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letters | standing up to online threats

In tolerating threats against women, gaming industry fails

The vicious threats against women in the computer gaming industry appear to be tolerated specifically because they are in the gaming industry (“PAX East needs to stand up for women in gaming,” Editorial, March 5).

I cannot imagine any other major convention that would so blithely tolerate organized threats against a member of its industry.

Imagine what would happen if the Detroit auto show ignored threats against a woman-owned company. Imagine if the threats were so persistent and serious that the woman removed her company from this major trade show, thus hurting her ability to compete with other companies in the field. The public would demand fairness, and protection for the woman and her company.

It’s time for the industry, and the law, to step in. Extra security should be offered for free to any person being threatened. Public announcements should be made by event organizers regarding behavior at the conventions, and enforcement should be both visible and swift.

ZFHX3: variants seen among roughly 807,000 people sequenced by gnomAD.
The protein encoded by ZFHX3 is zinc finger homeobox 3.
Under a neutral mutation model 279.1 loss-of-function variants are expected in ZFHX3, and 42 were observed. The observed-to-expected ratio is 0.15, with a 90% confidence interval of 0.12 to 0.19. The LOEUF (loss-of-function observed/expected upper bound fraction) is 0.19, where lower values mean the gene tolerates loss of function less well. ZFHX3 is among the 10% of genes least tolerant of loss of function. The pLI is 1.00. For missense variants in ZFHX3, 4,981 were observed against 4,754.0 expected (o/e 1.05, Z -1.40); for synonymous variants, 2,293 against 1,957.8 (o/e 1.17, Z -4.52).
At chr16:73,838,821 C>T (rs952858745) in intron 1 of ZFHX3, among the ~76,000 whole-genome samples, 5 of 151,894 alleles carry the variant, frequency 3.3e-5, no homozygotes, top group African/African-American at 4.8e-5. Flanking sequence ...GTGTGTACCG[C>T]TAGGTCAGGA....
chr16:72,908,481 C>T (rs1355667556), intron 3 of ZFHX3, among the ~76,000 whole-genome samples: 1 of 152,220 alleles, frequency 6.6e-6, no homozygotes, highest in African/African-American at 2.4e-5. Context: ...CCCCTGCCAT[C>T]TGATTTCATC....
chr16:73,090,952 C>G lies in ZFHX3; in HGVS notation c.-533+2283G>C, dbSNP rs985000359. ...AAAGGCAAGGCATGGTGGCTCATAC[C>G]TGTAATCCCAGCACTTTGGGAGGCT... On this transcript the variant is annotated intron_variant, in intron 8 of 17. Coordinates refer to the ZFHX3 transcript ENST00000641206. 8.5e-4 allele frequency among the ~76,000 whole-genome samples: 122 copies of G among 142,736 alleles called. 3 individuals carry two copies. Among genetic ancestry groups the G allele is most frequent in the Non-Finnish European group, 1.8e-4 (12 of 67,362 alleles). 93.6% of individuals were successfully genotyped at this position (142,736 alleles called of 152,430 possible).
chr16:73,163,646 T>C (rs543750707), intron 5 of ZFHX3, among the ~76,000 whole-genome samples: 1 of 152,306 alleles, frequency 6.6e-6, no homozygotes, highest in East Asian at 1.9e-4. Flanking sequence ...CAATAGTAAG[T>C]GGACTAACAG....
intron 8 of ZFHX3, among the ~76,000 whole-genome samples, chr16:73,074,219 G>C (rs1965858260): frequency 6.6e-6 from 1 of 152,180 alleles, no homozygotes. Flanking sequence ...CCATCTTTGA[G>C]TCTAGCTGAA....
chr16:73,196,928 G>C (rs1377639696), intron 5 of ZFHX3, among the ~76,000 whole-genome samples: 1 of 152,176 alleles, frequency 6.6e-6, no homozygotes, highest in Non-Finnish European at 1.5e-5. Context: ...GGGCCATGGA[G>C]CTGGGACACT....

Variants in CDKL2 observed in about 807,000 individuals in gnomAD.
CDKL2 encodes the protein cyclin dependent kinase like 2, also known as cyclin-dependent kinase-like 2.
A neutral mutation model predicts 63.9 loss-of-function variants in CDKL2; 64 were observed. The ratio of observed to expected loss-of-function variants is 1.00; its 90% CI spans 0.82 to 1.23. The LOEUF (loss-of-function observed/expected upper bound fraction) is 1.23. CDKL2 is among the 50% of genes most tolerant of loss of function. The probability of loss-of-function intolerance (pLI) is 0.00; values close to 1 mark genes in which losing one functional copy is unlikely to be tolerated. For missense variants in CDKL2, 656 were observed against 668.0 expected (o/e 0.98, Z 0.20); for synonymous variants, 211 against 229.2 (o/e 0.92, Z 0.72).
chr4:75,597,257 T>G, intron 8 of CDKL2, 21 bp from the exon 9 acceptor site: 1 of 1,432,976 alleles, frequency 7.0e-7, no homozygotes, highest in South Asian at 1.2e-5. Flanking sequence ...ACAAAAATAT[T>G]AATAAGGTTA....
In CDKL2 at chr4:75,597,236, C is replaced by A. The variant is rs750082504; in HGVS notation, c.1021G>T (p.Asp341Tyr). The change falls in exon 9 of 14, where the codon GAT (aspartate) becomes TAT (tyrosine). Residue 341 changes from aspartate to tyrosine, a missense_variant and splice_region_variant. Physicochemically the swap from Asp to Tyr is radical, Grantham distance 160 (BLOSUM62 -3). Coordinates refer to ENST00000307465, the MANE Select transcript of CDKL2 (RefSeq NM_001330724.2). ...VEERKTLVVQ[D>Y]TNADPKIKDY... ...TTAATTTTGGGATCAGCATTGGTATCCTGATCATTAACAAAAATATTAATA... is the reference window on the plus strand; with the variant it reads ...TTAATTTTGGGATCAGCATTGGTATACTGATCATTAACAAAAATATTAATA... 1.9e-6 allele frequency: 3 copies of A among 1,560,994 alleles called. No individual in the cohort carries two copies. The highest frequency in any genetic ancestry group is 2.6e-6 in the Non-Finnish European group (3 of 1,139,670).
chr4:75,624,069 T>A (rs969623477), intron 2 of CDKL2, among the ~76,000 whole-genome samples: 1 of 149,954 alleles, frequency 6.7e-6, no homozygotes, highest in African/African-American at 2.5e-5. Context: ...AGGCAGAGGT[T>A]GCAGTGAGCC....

Finally, the makers of these threats should be tracked down and arrested. They hide behind a cloak of online anonymity, but this is the computer industry we’re talking about. If anyone can find these guys, it’s the other geeks.

If law enforcement worked with computer professionals, these perpetrators could be brought to justice, just as with any other cybercrime.

Abby Hafer